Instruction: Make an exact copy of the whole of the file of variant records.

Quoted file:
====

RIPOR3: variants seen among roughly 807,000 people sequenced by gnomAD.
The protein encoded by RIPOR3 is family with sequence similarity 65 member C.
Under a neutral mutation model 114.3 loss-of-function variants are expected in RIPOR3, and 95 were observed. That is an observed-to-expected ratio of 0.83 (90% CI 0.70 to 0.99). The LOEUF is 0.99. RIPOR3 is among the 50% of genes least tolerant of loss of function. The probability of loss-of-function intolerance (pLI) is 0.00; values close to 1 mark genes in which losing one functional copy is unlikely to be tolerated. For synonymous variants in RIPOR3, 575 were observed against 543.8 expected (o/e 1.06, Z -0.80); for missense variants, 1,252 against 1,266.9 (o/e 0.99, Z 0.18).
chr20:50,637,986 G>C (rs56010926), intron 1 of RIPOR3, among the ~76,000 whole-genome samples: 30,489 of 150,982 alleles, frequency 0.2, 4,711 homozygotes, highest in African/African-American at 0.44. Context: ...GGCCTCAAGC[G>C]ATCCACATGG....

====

RIPOR3: variants seen among roughly 807,000 people sequenced by gnomAD.
The protein encoded by RIPOR3 is family with sequence similarity 65 member C.
Under a neutral mutation model 114.3 loss-of-function variants are expected in RIPOR3, and 95 were observed. That is an observed-to-expected ratio of 0.83 (90% CI 0.70 to 0.99). The LOEUF is 0.99. RIPOR3 is among the 50% of genes least tolerant of loss of function. The probability of loss-of-function intolerance (pLI) is 0.00; values close to 1 mark genes in which losing one functional copy is unlikely to be tolerated. For synonymous variants in RIPOR3, 575 were observed against 543.8 expected (o/e 1.06, Z -0.80); for missense variants, 1,252 against 1,266.9 (o/e 0.99, Z 0.18).
chr20:50,637,986 G>C (rs56010926), intron 1 of RIPOR3, among the ~76,000 whole-genome samples: 30,489 of 150,982 alleles, frequency 0.2, 4,711 homozygotes, highest in African/African-American at 0.44. Context: ...GGCCTCAAGC[G>C]ATCCACATGG....